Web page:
Dancecapade Members Return From Disney World
Williams Men's and Women's Hockey Earn Victories
Hunter College Snaps MCLA Men's Basketball's Winning Streak
Guest Column: Statement on Sentencing in Steele-Knudslien Murder

Bill Schmick is registered as an investment advisor representative and portfolio manager with Berkshire Money Management (BMM), managing over $200 million for investors in the Berkshires. Bill’s forecasts and opinions are purely his own and do not necessarily represent the views of BMM. None of his commentary is or should be considered investment advice. Anyone seeking individualized investment advice should contact a qualified investment adviser. None of the information presented in this article is intended to be and should not be construed as an endorsement of BMM or a solicitation to become a client of BMM. The reader should not assume that any strategies, or specific investments discussed are employed, bought, sold or held by BMM. Direct your inquiries to Bill at 1-888-232-6072 (toll free) or email him at Bill@afewdollarsmore.com Visit www.afewdollarsmore.com for more of Bill’s insights.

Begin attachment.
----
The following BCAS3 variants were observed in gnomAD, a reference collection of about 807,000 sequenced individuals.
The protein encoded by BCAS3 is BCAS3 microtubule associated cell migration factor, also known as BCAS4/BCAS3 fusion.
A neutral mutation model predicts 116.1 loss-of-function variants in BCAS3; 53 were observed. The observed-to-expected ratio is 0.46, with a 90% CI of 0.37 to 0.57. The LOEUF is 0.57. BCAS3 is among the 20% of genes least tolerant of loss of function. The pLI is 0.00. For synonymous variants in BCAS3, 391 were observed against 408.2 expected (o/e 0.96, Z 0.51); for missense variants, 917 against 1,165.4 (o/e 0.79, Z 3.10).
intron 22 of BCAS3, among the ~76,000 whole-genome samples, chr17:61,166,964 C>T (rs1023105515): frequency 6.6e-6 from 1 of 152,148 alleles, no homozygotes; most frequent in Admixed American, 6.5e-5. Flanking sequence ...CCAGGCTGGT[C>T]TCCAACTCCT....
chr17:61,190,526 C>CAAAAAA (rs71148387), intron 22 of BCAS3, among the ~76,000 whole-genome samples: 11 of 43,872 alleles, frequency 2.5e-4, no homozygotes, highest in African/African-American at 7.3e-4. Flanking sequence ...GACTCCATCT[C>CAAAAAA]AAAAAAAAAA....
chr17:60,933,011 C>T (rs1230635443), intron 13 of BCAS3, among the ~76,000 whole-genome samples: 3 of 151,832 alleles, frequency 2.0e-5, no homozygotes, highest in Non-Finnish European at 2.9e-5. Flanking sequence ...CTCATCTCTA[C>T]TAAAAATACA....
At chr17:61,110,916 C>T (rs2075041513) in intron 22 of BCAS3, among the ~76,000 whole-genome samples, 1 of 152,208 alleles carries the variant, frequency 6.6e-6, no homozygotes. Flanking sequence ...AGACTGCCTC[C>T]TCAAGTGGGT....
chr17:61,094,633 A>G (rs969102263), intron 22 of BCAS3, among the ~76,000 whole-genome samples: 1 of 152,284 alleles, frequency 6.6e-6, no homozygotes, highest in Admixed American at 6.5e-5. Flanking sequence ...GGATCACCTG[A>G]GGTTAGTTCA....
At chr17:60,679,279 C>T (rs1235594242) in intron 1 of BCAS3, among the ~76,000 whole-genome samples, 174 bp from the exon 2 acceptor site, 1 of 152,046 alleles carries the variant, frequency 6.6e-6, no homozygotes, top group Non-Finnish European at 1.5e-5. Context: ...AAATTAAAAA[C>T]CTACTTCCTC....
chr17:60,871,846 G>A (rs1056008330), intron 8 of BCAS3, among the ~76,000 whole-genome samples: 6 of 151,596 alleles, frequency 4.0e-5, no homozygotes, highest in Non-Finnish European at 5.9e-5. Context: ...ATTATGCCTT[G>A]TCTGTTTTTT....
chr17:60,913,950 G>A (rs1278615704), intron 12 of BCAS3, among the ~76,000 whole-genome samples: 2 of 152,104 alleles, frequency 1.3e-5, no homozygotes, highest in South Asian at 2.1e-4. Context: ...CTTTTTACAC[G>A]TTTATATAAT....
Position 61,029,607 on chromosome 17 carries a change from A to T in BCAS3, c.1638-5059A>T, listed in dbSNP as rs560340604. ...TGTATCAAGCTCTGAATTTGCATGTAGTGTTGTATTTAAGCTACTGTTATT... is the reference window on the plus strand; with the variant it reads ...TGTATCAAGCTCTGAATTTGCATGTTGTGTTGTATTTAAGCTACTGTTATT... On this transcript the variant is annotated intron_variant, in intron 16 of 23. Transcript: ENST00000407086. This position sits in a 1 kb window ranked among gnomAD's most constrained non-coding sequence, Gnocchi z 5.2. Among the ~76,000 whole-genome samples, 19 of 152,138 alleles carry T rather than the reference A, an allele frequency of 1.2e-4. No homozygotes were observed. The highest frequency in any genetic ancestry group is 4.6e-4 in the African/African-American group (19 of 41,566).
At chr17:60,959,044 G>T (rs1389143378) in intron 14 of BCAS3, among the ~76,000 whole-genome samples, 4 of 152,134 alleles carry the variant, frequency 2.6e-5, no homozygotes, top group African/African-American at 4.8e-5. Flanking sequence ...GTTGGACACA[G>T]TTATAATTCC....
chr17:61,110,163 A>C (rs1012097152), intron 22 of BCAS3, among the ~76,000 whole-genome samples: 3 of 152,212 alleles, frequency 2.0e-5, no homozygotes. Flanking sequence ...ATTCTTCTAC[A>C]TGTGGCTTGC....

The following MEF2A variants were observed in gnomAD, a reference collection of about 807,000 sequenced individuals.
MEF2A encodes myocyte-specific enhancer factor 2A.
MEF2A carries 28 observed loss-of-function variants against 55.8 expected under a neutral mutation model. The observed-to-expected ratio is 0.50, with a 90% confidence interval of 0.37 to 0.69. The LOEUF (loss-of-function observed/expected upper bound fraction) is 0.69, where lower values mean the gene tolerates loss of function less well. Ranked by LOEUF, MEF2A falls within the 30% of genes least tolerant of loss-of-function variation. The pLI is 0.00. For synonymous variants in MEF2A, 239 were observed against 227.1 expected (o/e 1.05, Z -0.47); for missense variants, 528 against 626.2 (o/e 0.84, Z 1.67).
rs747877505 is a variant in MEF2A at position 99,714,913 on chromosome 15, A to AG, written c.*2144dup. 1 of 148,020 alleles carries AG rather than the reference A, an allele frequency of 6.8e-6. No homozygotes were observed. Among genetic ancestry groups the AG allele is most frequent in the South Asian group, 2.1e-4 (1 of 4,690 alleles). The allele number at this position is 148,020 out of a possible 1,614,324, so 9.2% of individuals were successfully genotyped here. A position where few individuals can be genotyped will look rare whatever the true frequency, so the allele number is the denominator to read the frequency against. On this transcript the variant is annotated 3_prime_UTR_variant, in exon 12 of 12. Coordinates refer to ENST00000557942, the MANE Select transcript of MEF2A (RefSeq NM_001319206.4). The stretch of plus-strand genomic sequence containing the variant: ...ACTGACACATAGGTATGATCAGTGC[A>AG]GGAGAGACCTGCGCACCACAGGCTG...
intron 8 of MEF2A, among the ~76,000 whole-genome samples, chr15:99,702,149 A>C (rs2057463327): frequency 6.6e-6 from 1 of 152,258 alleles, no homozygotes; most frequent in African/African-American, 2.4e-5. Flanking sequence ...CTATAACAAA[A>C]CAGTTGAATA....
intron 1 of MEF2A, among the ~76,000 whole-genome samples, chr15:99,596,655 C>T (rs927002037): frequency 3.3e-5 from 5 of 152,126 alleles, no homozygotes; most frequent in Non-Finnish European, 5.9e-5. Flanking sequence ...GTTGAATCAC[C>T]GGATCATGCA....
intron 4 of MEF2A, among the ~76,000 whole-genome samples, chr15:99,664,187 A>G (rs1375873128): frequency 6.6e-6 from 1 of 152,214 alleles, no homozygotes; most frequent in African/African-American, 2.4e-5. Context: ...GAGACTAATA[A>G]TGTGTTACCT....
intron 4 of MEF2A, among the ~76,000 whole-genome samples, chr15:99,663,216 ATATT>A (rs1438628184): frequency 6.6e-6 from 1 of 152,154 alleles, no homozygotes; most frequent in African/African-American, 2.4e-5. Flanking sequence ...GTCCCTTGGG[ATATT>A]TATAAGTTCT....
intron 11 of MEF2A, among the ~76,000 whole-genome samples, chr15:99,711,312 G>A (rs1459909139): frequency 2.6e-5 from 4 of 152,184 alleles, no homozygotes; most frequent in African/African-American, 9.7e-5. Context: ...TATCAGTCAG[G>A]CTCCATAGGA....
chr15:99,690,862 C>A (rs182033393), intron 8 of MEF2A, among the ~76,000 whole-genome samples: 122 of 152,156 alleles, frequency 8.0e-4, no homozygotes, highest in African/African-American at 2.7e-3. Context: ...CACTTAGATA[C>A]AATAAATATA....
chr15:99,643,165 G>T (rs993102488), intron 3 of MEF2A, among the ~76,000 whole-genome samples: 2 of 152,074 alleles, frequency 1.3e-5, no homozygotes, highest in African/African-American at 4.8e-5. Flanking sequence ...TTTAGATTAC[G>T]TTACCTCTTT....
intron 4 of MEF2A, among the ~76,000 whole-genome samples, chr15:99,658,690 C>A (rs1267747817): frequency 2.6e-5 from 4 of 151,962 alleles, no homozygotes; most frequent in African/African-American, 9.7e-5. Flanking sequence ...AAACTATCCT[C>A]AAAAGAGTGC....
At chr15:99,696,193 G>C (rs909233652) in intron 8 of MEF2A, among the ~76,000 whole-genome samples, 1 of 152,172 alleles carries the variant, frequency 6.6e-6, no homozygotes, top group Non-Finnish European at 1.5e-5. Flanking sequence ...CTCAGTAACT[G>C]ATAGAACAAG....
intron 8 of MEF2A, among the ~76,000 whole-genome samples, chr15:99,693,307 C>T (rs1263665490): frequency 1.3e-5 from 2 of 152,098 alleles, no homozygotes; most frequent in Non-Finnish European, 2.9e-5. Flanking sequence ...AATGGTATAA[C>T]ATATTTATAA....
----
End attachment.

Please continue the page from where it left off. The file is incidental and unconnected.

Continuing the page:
Categories:
@theMarket (317)
Independent Investor (430)
Archives:
January 2020 (8)
January 2019 (1)
December 2019 (7)
November 2019 (8)
October 2019 (9)
September 2019 (7)
August 2019 (5)
July 2019 (5)
June 2019 (8)
May 2019 (10)
April 2019 (7)
March 2019 (7)
February 2019 (6)
Tags:
Markets Stimulus Fiscal Cliff Economy Stock Market Jobs Pullback Europe Wall Street Bailout Europe Crisis Banks Deficit Euro Federal Reserve Rally Selloff Stocks Election Recession Energy Oil Currency Retirement Congress Interest Rates Greece Commodities Metals Debt Taxes Housing Debt Ceiling Japan
Popular Entries:
The Independent Investor: Don't Fight the Fed
@theMarket: QE II Supports the Markets
The Independent Investor: Understanding the Foreclosure Scandal
The Independent Investor: Does Cash Mean Currencies?
@theMarket: Markets Are Going Higher
The Independent Investor: General Motors — Back to the Future
@theMarket: Economy Sputters, Stocks Stutter
The Independent Investor: How Will Wall Street II Play on Main Street?
The Independent Investor: Why Are Interest Rates Rising?
The Independent Investor: Will the Municipal Bond Massacre Continue?
Recent Entries:
@theMarket: FOMO Infects Investors
The Independent Investor: Intellectual Property Has Not Always Been So Important
@theMarket: Fed Stimulus Continues to Pump the Markets
The Independent Investor: Can We Afford 4 More Years of Trade Wars?
@theMarket: The Teflon Markets
The Independent Investor: China's role in Iran
@theMarket: New Wall of Worry for Markets
The Independent Investor: Why Is Inflation so Low?
@theMarket: Will This Year Be Like the Last One for Stocks?
The Independent Investor: Investors Ignore Impeachment